The Yurok Tribe and the Hoopa Tribe each presented their positions. The Hoopa do not favor the tribal waiver of rights which is in the KBRA and KHSA. They are also seeking assurances that funding for the Klamath River Basin will not be taken out of funds required to restore the Trinity River. The Yurok Tribe’s Troy Fletcher presented the Yurok Tribe’s view that the waiver only applies to past actions and is in other ways so limited that it is not important. KlamBlog can not help but wonder why the Bush Administration insisted that the waivers must be part of the deal if they are unimportant.
Back and forth between those representing the Hoopa Tribe and those representing the Yurok Tribe occupied much of the meeting. These two tribes have a history of conflict going way back. That conflict seems to be alive and well in spite of the fact that many members of each tribe have ancestors from both tribes and that they participate in each others traditional ceremonies.
One of the few new pieces of information presented at the forum came from long-time Klamath River activist Felice Pace who is also the primary author on this blog. Pace pointed out that the proposed KBRA calls for a drought plan. This indicates that under the flows and irrigation water allocations proposed in the KBRA there would not be enough water to meet flow targets in very dry years and during extended droughts.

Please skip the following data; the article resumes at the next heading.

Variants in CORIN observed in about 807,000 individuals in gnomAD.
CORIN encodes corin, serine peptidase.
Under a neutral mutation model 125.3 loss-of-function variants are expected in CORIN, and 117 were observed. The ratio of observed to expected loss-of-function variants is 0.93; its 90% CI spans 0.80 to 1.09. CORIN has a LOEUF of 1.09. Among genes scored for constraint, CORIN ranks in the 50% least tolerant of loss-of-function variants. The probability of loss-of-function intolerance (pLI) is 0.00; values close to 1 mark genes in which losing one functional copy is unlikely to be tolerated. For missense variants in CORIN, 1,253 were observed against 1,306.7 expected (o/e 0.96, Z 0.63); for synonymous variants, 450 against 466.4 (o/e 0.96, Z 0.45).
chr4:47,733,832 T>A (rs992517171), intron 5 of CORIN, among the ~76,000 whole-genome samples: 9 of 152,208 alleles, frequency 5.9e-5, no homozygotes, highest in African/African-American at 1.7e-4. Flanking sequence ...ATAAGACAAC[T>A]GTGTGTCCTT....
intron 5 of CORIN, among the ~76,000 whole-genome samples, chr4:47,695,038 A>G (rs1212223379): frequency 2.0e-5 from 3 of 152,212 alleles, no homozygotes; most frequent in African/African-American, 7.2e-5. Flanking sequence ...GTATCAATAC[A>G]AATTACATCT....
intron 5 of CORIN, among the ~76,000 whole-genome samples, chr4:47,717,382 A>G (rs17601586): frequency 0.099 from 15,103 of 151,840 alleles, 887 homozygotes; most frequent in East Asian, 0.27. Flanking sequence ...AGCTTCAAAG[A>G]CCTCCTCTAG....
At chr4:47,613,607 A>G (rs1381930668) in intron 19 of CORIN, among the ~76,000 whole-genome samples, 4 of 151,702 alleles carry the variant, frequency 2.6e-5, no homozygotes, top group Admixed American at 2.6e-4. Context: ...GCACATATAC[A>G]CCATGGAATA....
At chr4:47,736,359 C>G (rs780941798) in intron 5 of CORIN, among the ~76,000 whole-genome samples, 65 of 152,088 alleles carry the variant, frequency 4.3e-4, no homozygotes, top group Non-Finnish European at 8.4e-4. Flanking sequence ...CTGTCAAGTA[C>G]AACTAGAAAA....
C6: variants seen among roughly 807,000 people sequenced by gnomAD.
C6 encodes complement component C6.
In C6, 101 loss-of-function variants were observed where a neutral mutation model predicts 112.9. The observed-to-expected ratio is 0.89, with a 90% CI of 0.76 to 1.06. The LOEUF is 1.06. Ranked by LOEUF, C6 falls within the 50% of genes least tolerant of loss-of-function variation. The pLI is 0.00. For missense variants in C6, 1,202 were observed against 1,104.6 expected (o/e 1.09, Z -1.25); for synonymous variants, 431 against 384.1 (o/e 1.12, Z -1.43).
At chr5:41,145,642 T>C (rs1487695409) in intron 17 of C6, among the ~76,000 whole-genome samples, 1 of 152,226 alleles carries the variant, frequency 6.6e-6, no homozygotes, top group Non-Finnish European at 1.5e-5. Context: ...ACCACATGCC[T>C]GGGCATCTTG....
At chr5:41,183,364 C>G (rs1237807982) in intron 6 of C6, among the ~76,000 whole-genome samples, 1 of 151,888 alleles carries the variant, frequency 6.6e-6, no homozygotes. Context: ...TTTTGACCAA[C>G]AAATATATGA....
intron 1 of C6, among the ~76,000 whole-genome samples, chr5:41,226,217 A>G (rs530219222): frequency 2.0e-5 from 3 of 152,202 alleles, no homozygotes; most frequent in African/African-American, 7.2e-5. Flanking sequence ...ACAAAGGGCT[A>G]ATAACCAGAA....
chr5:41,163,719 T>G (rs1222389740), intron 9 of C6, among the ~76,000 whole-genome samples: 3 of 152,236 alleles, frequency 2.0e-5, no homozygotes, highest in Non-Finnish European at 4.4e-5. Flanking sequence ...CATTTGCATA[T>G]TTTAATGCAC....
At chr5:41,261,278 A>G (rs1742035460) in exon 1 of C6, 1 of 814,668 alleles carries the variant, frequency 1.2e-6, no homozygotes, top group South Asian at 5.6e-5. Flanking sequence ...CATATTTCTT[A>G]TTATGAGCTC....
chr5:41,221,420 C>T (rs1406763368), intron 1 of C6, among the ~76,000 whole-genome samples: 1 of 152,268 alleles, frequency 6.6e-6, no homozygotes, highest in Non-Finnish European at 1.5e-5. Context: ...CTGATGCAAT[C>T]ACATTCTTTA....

Pace said he had worked with government and other specialists to determine how many years there would have been insufficient water supply to meet KBRA flow targets if those targets and KBRA proposed irrigation water allocations had been in place over the past 30 years. What they found was that in 7 out of the past 30 years there would not have been enough water supply to meet both KBRA flow targets and KBRA priority water allocation to the Irrigation Elite. Under these circumstances the water fish need would have to be leased from irrigators.
Pace said that the largest yearly deficit would have been 55,637 acre feet (an acre foot is the amount of water needed to cover 1 acre of land with water 1 foot deep). In 2009 the California State Water Bank paid $275 per acre foot of water. At this price, meeting the flows KBRA proponents say fish need would have cost over $15 million dollars in that one year alone. Pace asserted that leasing water to meet the needs of salmon is not sustainable and bad policy to boot.
The cost of the Drought Plan that KBRA flow and irrigation water allocations would necessitate is a major reason opponents of the KBRA say the deal is not a good idea. If Congress goes along with the KBRA and gives the first right to Klamath River water to irrigators then irrigators must be paid if some of that water is needed for fish. Under the Public Trust Doctrine as expressed in California Water and Fish & Game Codes, fish have a right to the amount of water they need to survive and thrive. Federal legislation implementing the KBRA would preempt those Public Trust rights.
Toward the end of the Forum, Kathy McCovey and Georgianna Myers of the Klamath Justice Coalition made pleas for unity. They expressed concern that Klamath River tribes and others who had previously made common cause to get the dams down were now divided and observed that divide and conquer had long been a federal policy with respect to tribes. This led to calls for a tribal summit and to pleas for unity from some of the council members present.
The Klamath Justice Coalition made a video of the Forum. To make a contribution in support of their Coalition’s work or to request a copy of the Forum video contact Georgianna Myers: email@example.com.